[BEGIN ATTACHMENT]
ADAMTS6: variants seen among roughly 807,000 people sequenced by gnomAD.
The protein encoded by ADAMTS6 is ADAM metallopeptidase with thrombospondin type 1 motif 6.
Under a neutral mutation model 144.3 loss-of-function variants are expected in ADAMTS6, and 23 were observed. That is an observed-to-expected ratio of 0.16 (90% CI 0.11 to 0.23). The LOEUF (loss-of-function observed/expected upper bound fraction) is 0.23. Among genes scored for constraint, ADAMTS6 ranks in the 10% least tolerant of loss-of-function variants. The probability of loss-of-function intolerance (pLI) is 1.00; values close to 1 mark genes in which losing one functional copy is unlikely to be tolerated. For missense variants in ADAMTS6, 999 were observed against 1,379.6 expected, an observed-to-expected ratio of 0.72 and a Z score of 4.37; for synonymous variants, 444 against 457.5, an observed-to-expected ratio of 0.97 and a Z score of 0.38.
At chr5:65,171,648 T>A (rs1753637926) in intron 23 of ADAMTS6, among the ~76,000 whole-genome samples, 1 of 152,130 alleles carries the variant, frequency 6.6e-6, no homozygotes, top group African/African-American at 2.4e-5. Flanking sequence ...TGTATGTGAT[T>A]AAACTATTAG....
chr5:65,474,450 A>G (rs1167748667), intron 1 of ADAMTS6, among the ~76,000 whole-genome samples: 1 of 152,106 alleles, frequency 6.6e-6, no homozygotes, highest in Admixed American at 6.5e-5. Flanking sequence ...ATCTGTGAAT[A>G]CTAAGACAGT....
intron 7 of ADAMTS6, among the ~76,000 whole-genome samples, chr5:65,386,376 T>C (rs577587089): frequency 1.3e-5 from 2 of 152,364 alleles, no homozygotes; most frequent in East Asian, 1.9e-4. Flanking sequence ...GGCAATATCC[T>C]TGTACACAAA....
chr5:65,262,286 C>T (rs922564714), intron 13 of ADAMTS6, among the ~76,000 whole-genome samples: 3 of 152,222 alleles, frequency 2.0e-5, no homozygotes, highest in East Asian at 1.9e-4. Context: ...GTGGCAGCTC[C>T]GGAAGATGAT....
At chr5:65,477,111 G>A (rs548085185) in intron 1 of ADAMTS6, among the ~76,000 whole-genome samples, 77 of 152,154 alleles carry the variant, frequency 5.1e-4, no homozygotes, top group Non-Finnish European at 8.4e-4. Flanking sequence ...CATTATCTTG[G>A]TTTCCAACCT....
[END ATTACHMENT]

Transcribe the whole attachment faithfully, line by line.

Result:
ADAMTS6: variants seen among roughly 807,000 people sequenced by gnomAD.
The protein encoded by ADAMTS6 is ADAM metallopeptidase with thrombospondin type 1 motif 6.
Under a neutral mutation model 144.3 loss-of-function variants are expected in ADAMTS6, and 23 were observed. That is an observed-to-expected ratio of 0.16 (90% CI 0.11 to 0.23). The LOEUF (loss-of-function observed/expected upper bound fraction) is 0.23. Among genes scored for constraint, ADAMTS6 ranks in the 10% least tolerant of loss-of-function variants. The probability of loss-of-function intolerance (pLI) is 1.00; values close to 1 mark genes in which losing one functional copy is unlikely to be tolerated. For missense variants in ADAMTS6, 999 were observed against 1,379.6 expected, an observed-to-expected ratio of 0.72 and a Z score of 4.37; for synonymous variants, 444 against 457.5, an observed-to-expected ratio of 0.97 and a Z score of 0.38.
At chr5:65,171,648 T>A (rs1753637926) in intron 23 of ADAMTS6, among the ~76,000 whole-genome samples, 1 of 152,130 alleles carries the variant, frequency 6.6e-6, no homozygotes, top group African/African-American at 2.4e-5. Flanking sequence ...TGTATGTGAT[T>A]AAACTATTAG....
chr5:65,474,450 A>G (rs1167748667), intron 1 of ADAMTS6, among the ~76,000 whole-genome samples: 1 of 152,106 alleles, frequency 6.6e-6, no homozygotes, highest in Admixed American at 6.5e-5. Flanking sequence ...ATCTGTGAAT[A>G]CTAAGACAGT....
intron 7 of ADAMTS6, among the ~76,000 whole-genome samples, chr5:65,386,376 T>C (rs577587089): frequency 1.3e-5 from 2 of 152,364 alleles, no homozygotes; most frequent in East Asian, 1.9e-4. Flanking sequence ...GGCAATATCC[T>C]TGTACACAAA....
chr5:65,262,286 C>T (rs922564714), intron 13 of ADAMTS6, among the ~76,000 whole-genome samples: 3 of 152,222 alleles, frequency 2.0e-5, no homozygotes, highest in East Asian at 1.9e-4. Context: ...GTGGCAGCTC[C>T]GGAAGATGAT....
At chr5:65,477,111 G>A (rs548085185) in intron 1 of ADAMTS6, among the ~76,000 whole-genome samples, 77 of 152,154 alleles carry the variant, frequency 5.1e-4, no homozygotes, top group Non-Finnish European at 8.4e-4. Flanking sequence ...CATTATCTTG[G>A]TTTCCAACCT....